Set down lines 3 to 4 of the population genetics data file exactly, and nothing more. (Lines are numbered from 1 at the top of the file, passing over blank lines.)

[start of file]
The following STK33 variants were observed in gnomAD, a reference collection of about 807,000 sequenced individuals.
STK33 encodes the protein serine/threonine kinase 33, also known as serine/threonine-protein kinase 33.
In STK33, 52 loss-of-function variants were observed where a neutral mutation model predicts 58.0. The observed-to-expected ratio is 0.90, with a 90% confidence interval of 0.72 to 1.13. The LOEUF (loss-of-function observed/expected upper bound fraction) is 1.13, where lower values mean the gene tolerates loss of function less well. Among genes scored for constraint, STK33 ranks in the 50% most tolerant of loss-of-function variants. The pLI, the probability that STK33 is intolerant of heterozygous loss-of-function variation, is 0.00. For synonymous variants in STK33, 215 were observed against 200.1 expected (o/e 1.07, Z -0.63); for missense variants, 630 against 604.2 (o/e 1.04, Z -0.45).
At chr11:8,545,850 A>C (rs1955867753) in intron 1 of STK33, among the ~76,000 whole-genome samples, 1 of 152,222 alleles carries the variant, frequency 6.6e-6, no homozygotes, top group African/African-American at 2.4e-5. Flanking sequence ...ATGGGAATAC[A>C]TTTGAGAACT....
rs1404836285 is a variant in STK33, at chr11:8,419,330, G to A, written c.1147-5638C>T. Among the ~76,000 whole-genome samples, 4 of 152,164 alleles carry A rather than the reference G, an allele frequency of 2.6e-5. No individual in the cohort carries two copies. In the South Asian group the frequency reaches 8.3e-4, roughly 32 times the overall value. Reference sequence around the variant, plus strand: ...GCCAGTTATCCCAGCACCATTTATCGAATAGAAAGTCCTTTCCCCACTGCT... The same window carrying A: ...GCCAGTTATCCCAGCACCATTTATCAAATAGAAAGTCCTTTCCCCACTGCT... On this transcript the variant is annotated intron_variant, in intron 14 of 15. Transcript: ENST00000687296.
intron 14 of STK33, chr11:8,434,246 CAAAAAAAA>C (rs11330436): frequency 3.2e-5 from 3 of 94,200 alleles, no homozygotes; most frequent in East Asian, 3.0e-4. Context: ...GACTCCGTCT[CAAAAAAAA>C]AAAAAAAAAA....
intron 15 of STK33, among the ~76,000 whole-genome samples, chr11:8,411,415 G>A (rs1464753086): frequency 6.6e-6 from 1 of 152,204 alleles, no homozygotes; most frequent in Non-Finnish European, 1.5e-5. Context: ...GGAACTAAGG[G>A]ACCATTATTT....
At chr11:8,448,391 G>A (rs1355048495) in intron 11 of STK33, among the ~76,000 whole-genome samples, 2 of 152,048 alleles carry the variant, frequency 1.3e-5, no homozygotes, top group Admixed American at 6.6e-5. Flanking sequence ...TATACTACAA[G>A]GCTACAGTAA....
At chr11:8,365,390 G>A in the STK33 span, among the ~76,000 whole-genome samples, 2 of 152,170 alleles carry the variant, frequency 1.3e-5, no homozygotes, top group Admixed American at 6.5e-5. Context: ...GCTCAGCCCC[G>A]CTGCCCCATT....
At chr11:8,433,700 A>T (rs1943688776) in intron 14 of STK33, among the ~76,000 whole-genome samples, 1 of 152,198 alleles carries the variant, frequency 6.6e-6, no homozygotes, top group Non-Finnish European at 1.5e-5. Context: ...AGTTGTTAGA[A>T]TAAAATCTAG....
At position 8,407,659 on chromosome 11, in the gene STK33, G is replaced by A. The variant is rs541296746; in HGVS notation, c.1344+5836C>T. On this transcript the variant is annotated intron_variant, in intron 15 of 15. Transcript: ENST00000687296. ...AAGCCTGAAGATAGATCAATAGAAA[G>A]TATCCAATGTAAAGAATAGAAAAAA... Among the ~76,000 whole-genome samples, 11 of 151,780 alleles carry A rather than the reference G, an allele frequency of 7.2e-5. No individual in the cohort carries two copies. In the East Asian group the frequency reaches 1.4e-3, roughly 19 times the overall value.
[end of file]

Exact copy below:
In STK33, 52 loss-of-function variants were observed where a neutral mutation model predicts 58.0. The observed-to-expected ratio is 0.90, with a 90% confidence interval of 0.72 to 1.13. The LOEUF (loss-of-function observed/expected upper bound fraction) is 1.13, where lower values mean the gene tolerates loss of function less well. Among genes scored for constraint, STK33 ranks in the 50% most tolerant of loss-of-function variants. The pLI, the probability that STK33 is intolerant of heterozygous loss-of-function variation, is 0.00. For synonymous variants in STK33, 215 were observed against 200.1 expected (o/e 1.07, Z -0.63); for missense variants, 630 against 604.2 (o/e 1.04, Z -0.45).
At chr11:8,545,850 A>C (rs1955867753) in intron 1 of STK33, among the ~76,000 whole-genome samples, 1 of 152,222 alleles carries the variant, frequency 6.6e-6, no homozygotes, top group African/African-American at 2.4e-5. Flanking sequence ...ATGGGAATAC[A>C]TTTGAGAACT....